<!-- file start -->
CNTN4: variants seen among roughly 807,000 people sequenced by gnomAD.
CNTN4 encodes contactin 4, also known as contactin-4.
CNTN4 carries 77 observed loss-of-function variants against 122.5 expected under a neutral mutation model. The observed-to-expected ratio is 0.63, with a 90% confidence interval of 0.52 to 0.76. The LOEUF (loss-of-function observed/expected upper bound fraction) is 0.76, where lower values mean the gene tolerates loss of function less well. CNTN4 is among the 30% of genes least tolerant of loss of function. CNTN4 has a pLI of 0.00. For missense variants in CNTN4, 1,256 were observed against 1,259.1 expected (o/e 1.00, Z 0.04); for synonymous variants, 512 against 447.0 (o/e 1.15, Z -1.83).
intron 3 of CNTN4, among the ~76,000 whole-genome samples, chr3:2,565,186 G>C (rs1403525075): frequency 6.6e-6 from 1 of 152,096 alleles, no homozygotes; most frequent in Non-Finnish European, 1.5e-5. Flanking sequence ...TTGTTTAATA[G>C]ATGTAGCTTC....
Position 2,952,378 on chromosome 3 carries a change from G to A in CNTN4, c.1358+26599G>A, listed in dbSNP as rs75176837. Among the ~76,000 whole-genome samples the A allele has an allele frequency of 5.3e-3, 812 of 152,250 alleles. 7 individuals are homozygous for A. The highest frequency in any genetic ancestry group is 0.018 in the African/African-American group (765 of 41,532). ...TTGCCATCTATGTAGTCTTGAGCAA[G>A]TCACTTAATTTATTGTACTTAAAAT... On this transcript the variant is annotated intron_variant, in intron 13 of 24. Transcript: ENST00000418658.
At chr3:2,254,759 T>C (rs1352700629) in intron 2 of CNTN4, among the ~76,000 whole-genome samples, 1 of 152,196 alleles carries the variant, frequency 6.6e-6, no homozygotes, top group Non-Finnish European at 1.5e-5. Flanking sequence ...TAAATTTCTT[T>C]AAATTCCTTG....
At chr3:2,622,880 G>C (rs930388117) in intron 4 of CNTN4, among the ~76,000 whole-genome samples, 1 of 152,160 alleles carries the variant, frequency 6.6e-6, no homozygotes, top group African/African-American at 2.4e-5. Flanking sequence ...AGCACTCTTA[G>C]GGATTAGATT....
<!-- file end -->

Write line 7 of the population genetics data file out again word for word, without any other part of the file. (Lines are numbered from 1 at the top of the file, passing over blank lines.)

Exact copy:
At chr3:2,622,880 G>C (rs930388117) in intron 4 of CNTN4, among the ~76,000 whole-genome samples, 1 of 152,160 alleles carries the variant, frequency 6.6e-6, no homozygotes, top group African/African-American at 2.4e-5. Flanking sequence ...AGCACTCTTA[G>C]GGATTAGATT....